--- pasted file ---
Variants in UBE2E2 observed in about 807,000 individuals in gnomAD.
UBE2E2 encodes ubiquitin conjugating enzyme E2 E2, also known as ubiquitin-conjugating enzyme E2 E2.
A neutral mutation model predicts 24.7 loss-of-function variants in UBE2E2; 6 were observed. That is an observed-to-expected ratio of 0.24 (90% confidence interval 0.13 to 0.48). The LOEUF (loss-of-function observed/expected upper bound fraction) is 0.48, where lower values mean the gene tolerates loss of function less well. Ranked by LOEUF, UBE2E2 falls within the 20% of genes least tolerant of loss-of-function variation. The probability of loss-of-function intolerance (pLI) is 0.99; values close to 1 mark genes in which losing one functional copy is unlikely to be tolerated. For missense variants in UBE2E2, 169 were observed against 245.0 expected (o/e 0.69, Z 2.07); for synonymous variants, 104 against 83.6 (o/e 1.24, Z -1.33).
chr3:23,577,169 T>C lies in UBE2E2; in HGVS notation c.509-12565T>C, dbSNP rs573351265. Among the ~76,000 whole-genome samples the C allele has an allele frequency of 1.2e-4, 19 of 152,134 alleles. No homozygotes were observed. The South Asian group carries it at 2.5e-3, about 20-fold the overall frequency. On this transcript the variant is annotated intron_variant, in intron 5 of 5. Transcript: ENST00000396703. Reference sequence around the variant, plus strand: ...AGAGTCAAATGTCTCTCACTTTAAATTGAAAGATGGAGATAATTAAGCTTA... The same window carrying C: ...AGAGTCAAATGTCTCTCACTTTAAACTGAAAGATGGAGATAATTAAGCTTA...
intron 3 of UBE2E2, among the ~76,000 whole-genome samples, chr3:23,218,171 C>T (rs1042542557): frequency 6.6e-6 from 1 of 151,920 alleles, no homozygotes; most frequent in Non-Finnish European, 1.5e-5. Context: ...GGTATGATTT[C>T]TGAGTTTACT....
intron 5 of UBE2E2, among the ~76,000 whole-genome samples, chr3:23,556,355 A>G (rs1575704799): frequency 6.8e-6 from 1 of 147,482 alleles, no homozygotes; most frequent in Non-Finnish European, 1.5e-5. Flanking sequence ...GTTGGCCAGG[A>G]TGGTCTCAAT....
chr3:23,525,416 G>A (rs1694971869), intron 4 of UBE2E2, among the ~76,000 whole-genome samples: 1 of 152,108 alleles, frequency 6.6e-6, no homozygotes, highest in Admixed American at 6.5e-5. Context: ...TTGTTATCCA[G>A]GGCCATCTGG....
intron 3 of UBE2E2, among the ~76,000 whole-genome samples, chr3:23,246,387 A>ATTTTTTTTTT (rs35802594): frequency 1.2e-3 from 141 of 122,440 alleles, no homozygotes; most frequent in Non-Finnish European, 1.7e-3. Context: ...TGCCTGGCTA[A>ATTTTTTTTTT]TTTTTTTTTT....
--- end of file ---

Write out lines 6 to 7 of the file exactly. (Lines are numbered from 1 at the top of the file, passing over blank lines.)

intron 5 of UBE2E2, among the ~76,000 whole-genome samples, chr3:23,556,355 A>G (rs1575704799): frequency 6.8e-6 from 1 of 147,482 alleles, no homozygotes; most frequent in Non-Finnish European, 1.5e-5. Flanking sequence ...GTTGGCCAGG[A>G]TGGTCTCAAT....
chr3:23,525,416 G>A (rs1694971869), intron 4 of UBE2E2, among the ~76,000 whole-genome samples: 1 of 152,108 alleles, frequency 6.6e-6, no homozygotes, highest in Admixed American at 6.5e-5. Context: ...TTGTTATCCA[G>A]GGCCATCTGG....